• Daily Sangbad, Dhaka, 23 December 1993, Page-12.
  • Daily Bhorer Kagoj, Dhaka, 24 December 1993, Page-9.
  • Daily Bhorer Kagoj, Dhaka, 7 March 1994, Page-12.
  • Weekly Holiday, Dhaka, 31 December 1993, Page-6.
  • Daily Star, Dhaka, August 2000.
  • Lecturer, Exhibition of Works of Four Architects of the Indian Sub-Continent; New York, Philadelphia, 1997.
  • Lecturer, Exhibition of Architecture in Bangladesh, “Pundranagar” to Sher-e-Bangla Nagar (350 B.C. to present time), 1997.
  • An Architecture of Independence : The Making of Modern South Asia, 1997, University of Pennsylvania.
  • The India International Centre Quarter: Monsoon 1997, Volume- 24, Number 2-3.
  • Architect Muzharul Islam and Chicago Architect Stanly Tigerman did the elaborate study on typology and tectonics, ecology, climate and materials. Their study resulted in a major report, which was featured in the September 1968 issue of “Architectural Record".

Quotes[edit]

  • "Symbol for what? Symbol of what? Symbol of whom?... The hesitation in my mind has deep roots. I feel that human society has been kept in darkness for thousands of years by the use of symbols. I revolt against it. By raising the issue of symbols, in the name of symbols, my perspective has been kept limited."
  • "Cities should provide the environment for civilized life within the context of our own culture... The city can develop only as a part of the physical environment of the country- with the ultimate aim of abolishing all differences between the city and the rural areas. The traditional relationship with nature (still existing to a certain extent in the village of Bangladesh) should be continued in the cities."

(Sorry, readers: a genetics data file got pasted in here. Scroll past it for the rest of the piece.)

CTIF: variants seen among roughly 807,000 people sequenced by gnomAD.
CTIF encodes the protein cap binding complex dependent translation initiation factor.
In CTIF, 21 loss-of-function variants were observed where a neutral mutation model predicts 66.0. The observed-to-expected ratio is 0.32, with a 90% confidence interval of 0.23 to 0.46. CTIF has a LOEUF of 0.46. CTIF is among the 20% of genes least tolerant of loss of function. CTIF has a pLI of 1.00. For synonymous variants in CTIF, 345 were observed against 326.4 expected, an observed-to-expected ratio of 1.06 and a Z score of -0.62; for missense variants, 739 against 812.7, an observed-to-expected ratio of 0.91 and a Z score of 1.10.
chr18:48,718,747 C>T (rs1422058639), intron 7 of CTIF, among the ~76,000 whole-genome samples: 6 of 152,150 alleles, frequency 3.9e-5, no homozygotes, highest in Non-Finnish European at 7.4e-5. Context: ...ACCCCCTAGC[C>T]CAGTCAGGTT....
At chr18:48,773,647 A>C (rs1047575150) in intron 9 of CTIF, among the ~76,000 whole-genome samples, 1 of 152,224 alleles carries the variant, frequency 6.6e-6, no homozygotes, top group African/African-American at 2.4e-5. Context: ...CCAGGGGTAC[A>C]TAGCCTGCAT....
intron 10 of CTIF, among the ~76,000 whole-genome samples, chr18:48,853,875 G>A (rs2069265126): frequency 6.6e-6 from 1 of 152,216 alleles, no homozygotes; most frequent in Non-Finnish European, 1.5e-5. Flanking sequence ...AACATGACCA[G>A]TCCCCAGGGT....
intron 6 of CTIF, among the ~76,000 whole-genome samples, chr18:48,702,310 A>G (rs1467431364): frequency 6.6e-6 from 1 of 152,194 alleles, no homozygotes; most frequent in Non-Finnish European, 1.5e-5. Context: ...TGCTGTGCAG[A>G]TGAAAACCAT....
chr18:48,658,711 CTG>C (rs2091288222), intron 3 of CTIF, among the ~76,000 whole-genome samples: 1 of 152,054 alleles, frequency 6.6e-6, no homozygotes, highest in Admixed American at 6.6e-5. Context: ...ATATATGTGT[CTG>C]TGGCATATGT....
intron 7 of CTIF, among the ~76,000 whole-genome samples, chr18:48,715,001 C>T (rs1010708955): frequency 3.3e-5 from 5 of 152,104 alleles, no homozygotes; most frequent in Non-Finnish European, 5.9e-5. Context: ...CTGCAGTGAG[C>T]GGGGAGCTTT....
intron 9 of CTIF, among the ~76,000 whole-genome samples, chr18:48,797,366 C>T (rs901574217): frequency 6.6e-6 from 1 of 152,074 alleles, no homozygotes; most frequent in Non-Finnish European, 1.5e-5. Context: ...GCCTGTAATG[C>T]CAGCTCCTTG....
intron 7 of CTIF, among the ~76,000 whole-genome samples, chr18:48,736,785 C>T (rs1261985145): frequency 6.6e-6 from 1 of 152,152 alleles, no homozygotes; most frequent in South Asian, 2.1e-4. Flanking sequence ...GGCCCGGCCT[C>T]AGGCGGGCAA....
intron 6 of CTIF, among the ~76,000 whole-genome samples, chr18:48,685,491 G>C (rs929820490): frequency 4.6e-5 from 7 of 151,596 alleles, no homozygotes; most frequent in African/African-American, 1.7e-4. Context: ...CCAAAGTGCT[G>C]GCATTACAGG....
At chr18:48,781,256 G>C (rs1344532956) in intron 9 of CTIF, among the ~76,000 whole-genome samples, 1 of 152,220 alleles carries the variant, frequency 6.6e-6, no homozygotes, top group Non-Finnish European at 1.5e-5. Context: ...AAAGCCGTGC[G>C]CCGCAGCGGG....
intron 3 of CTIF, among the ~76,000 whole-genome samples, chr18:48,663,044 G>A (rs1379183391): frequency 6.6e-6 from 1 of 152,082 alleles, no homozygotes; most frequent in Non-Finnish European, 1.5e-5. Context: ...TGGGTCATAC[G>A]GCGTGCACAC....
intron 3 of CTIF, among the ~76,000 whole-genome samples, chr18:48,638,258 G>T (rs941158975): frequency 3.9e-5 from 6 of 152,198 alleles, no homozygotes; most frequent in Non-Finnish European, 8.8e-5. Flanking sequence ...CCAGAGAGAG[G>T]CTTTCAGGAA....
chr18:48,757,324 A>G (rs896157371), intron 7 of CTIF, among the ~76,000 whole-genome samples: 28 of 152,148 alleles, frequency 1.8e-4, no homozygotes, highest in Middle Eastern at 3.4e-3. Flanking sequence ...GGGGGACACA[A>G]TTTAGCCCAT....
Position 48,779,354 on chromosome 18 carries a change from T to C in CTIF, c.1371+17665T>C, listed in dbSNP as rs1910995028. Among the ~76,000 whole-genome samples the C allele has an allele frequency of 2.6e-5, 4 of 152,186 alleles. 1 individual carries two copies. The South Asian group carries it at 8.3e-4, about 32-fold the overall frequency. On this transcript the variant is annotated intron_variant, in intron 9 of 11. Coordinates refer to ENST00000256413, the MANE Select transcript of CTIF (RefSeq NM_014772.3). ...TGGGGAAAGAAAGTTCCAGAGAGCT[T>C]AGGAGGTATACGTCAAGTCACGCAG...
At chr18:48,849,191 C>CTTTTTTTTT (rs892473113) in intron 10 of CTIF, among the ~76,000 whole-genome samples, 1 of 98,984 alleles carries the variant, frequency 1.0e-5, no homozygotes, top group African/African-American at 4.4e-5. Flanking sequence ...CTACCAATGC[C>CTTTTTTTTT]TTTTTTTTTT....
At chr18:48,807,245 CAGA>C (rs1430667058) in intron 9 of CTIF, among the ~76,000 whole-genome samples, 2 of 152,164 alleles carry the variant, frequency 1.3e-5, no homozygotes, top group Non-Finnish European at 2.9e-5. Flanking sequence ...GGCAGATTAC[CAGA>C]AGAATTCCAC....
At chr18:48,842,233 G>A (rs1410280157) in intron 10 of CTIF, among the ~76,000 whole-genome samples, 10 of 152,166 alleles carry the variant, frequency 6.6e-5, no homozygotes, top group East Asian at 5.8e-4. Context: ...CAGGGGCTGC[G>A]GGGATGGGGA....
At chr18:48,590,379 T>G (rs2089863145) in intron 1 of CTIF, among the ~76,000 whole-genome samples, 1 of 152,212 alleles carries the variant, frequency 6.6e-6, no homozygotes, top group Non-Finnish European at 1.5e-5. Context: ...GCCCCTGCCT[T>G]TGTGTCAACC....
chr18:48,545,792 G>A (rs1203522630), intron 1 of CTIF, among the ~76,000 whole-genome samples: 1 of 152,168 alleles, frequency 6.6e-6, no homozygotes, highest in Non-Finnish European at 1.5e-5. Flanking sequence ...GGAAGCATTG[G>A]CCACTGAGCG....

• "The artistic qualities are essence of architecture. The practical aspects of architecture are measurable – such as, the practical requirements, climatic judgements, the advantages and limitations of the site etc. – but the humanistic aspects are not measurable. This depends on the talent, sensitivity and creativity of the architect. Only some bookish knowledge is not a sufficient tool in this regard. One has to be creative. One has to love his own land, its people and its culture and think profoundly about these. The love of one’s own land is the eternal source of creative power, which in turn, makes a proper architect."

See also[edit]

Sources[edit]

References[edit]

  1. ^ "The passing of Muzharul Islam". Thedailystar.net. Retrieved 20 July 2012. 
  2. ^ ::: Star Weekend Magazine :::
  3. ^ a b Muzharul Islam Archive
  4. ^ a b c d Mainul Hassan, "Architect Mazharul Islam turns eighty-six" The The Daily Star, 27 December 2009
  5. ^ a b c Kazi Khaleed Ashraf, "Mazharul Islam, Kahn and Architecture in Bangladesh", MIMAR 31: Architecture in Development, page 57, Aga Khan Trust for Culture, 1989
  6. ^ Shivangi Ambani Gandhi, "Poetry in Architecture", Bangladeshi Architects in Australia}
  7. ^ Government of the people's republic of Bangladesh, Brands of the World[dead link]
  8. ^ ::: Star Weekend Magazine :::
  9. ^ "Mazharul Islam passes away". Thedailystar.net. 15 July 2012. Retrieved 20 July 2012. 

Further reading[edit]

  • Wares, Shamsul, Architecture in the 50s and 60s in Bangladesh, Architecture and Planning, BUET, 1982, Dhaka
  • Kazi Khaleed Ashraf, Mazharul Islam, Kahn and Architecture in Bangladesh, 1989

External links[edit]